I began teaching in the fall of 1967. That first year I taught all sophomore English students. I had some really great kids back then whose parents had reared them the right way. Many of them, as well as students from later classes, are friends of mine now on facebook and we communicate regularly.
It is difficult to remember every student one taught over the span of a number of years, though I do remember most. There are always those students who stand out that a teacher never forgets, however.
Sometimes it is because that particular student made your day miserable but more often it is because that student had a way of "making" your day. Cynthia fell into the second category. She had a dazzling smile, no matter where one saw her and she was one of those kids whom everyone loved. I don't think Cynthia ever made an enemy.
After she graduated, having claimed just about every honor a school and her fellow students could bestow upon her, she went on to graduate from Oklahoma Baptist University.
I lost touch with Cynthia, as teachers are want to do, after she graduated. So, I remember being shocked when I saw her picture some ten or fifteen years later with her two young sons on the front page of The Daily Oklahoman.
Both her boys had been born with severe immune deficiency, an inherited disease generally passed from a mother to her sons. Since there was no history of the illness in either family, the assumption was that a gene had mutated during Cynthia's development in her mother's womb.
Children with this defective gene, which is recessive, are nearly always boys. The mother may pass the defective gene on to her daughters, making them carriers; but they do not have the disease.
That is because the gene is recessive, not dominant. A child receives one sex gene from the mother and one from the father. The mother presents two genes that are normally designed XX; the father presents two genes that are designated XY. But in Cynthia's case her two are Xx, with the small "x" representing the diseased recessive gene.
Under normal circumstances, depending on which of these genes unite, the child will be either a girl or a boy. If the child receives an "X" gene from both the mother and father, the child will be a girl. Even if the girls gets the 'x' or diseased gene from her mother, she will not have the disease because the dominant "X" from the father will dominate. The girl, however, will be a carrier and could pass the disease to her sons.
However, if the "X " gene from the mother unites with the "Y" gene from the father, the child will be a boy. If the "X" gene from the mother is the recessive 'x' the boy will have the disease. A boy only gets one "X" and the "Y' cannot protect it.
What this amounts to is that a child has a 50-50 chance of getting the 'x' gene, making it either a carrier if a girl or having the disease if a boy. Both Cynthia's boys had the defective gene.
For some reason, the disease is much more severe in some children than others. Often children with severe immunodeficiency die before their second birthday because they are susceptible to every virus or bacteria to which they are exposed. You may remember the story of the boy who lived in a bubble for twelve years because he had severe immunodeficiency.
The good news in Cynthia's case was that doctors had begun having great success with stem cell transplants in treating this condition. Often doctors administer chemotherapy before the transplant to kill the defective cells circulating in their blood stream before the transplant.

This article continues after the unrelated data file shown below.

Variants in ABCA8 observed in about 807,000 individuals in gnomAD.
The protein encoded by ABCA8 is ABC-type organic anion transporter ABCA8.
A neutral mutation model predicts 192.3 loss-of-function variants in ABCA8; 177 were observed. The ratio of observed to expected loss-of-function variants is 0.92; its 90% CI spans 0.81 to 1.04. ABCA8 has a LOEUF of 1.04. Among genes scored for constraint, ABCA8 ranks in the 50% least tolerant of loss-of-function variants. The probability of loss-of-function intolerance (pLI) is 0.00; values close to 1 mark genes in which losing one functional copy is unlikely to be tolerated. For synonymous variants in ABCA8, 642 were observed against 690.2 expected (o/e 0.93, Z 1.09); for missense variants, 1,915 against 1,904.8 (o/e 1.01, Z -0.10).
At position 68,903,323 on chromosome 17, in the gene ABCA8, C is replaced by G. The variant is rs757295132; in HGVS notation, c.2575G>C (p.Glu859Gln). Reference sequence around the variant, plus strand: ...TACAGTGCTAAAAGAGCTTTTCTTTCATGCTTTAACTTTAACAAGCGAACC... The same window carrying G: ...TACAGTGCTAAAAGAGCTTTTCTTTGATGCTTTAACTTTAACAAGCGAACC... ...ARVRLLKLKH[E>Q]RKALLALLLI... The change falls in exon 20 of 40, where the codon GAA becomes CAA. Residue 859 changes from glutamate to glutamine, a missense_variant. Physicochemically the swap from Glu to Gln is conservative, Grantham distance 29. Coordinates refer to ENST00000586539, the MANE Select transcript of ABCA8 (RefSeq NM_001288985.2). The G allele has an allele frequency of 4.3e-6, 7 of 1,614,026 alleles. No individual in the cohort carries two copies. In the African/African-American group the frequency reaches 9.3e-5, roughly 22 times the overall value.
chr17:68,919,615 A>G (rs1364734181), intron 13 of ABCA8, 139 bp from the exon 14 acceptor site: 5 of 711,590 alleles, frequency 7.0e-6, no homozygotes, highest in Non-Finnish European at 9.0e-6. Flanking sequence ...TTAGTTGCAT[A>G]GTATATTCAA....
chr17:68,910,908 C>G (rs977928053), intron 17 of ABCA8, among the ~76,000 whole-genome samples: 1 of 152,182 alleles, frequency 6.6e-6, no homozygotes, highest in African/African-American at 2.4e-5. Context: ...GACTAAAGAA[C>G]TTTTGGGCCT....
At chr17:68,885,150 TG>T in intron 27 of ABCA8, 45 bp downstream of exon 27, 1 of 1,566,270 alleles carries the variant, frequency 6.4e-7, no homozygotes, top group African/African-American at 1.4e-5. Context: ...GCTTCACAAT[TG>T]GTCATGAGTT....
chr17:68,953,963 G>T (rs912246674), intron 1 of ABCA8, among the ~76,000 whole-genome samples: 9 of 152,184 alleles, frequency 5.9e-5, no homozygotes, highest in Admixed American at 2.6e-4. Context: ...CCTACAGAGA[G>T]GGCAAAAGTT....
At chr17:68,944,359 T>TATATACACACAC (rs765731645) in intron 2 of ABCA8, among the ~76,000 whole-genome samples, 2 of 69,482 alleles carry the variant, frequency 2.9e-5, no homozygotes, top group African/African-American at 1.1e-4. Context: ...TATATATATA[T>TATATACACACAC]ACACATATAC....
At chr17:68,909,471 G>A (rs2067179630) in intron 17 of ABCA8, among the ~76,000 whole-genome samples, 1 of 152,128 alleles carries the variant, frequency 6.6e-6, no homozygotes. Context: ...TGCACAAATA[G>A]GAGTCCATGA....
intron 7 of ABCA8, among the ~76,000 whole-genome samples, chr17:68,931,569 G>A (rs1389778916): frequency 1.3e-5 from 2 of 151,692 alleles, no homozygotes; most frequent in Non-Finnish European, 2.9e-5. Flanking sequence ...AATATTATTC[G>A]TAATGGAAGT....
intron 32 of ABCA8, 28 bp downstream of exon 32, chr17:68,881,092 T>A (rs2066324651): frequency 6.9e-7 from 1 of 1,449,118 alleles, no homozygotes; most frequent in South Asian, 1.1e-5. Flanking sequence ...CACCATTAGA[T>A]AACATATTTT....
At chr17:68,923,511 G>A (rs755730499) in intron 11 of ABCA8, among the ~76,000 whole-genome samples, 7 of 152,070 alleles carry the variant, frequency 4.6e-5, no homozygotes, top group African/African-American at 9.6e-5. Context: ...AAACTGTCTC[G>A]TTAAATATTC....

They then remove bone marrow from the recipient, either a parent or a sibling, and transplant it into the sick child. Doctors in Oklahoma City decided to use this new procedure on Cynthia's two boys. In their case, it worked miraculously and her boys are now grown and married.
Cynthia also has two girls, who are also married. Sadly, both of them are carriers. However, thanks to in vitro testing, doctors now can tell the parents in advance if the child they are carrying is a boy or girl and whether it has the disease.
One of Cynthia's daughters has five children, three boys and two girls. Her youngest son has the disease and received a transplant when still an infant. But he was always small and still prone to infections. Last September at Age 6, he was diagnosed with a rare blood disease for which there is no known protocol. In February, doctors tried a second transplant on him but he continues to be gravely ill.
About two weeks ago, doctors sat his parents down and told them that they were 95% sure that he was not going to survive, that they could either take him home and keep him as comfortable as possible or they could try one more experimental round of drugs. The family opted to try one last chance to save him.
Meanwhile, Cynthia's other daughter has three healthy children, two boys and a girl. Pregnant this past year with her fourth child, tests revealed that the baby, a boy, did have the disease. So, about a month after he was born, the family brought him to Dallas for a transplant. Sadly, he kept getting infections. In June, at about four months, he died of pneumonia.
Meanwhile, Cynthia was fighting her own battle with cancer. Diagnosed several years ago with bone cancer, she learned two years ago that her cancer had returned. A year ago, Cynthia's beloved father, a long-time Baptist minister, died. But she continued to be a beacon of faith and love to her family until about a month ago when she suddenly began to go downhill rapidly. On August 4, she posted on Facebook. "I will not be afraid." Because of her tremendous faith, I don't think she was.
Sunday, Cynthia succumbed to the cancer and passed away. This family, full of ministers--Cynthia's father, one of her sons and one of her son-in-laws--has had a year of tribulation. But the faith that they have shown in the face of tremendous adversity is a beacon to all who marvel at how powerfully faith can work in one family's life.